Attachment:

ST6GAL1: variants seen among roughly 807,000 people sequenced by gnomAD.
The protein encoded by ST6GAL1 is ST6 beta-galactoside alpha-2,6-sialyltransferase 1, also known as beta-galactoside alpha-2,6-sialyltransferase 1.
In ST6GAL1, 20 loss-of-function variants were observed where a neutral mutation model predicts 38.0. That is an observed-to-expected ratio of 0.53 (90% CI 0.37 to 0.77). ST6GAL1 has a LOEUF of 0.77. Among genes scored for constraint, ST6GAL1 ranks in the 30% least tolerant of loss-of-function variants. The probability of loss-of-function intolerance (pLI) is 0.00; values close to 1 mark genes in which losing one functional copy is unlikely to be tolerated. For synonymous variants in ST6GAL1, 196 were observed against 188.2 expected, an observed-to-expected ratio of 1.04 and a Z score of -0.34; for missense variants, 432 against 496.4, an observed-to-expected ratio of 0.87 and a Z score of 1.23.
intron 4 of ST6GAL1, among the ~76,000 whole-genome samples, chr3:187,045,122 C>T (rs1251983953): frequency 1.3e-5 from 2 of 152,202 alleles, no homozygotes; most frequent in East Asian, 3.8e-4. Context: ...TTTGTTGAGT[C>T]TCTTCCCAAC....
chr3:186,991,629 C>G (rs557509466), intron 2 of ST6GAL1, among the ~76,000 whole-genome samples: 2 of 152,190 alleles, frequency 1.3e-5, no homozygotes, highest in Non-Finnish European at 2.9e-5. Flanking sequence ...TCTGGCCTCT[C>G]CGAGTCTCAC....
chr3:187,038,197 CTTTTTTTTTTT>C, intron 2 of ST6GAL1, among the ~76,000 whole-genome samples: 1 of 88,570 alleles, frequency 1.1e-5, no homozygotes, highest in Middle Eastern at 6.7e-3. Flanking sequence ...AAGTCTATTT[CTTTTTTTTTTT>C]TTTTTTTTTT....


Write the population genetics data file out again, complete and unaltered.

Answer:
ST6GAL1: variants seen among roughly 807,000 people sequenced by gnomAD.
The protein encoded by ST6GAL1 is ST6 beta-galactoside alpha-2,6-sialyltransferase 1, also known as beta-galactoside alpha-2,6-sialyltransferase 1.
In ST6GAL1, 20 loss-of-function variants were observed where a neutral mutation model predicts 38.0. That is an observed-to-expected ratio of 0.53 (90% CI 0.37 to 0.77). ST6GAL1 has a LOEUF of 0.77. Among genes scored for constraint, ST6GAL1 ranks in the 30% least tolerant of loss-of-function variants. The probability of loss-of-function intolerance (pLI) is 0.00; values close to 1 mark genes in which losing one functional copy is unlikely to be tolerated. For synonymous variants in ST6GAL1, 196 were observed against 188.2 expected, an observed-to-expected ratio of 1.04 and a Z score of -0.34; for missense variants, 432 against 496.4, an observed-to-expected ratio of 0.87 and a Z score of 1.23.
intron 4 of ST6GAL1, among the ~76,000 whole-genome samples, chr3:187,045,122 C>T (rs1251983953): frequency 1.3e-5 from 2 of 152,202 alleles, no homozygotes; most frequent in East Asian, 3.8e-4. Context: ...TTTGTTGAGT[C>T]TCTTCCCAAC....
chr3:186,991,629 C>G (rs557509466), intron 2 of ST6GAL1, among the ~76,000 whole-genome samples: 2 of 152,190 alleles, frequency 1.3e-5, no homozygotes, highest in Non-Finnish European at 2.9e-5. Flanking sequence ...TCTGGCCTCT[C>G]CGAGTCTCAC....
chr3:187,038,197 CTTTTTTTTTTT>C, intron 2 of ST6GAL1, among the ~76,000 whole-genome samples: 1 of 88,570 alleles, frequency 1.1e-5, no homozygotes, highest in Middle Eastern at 6.7e-3. Flanking sequence ...AAGTCTATTT[CTTTTTTTTTTT>C]TTTTTTTTTT....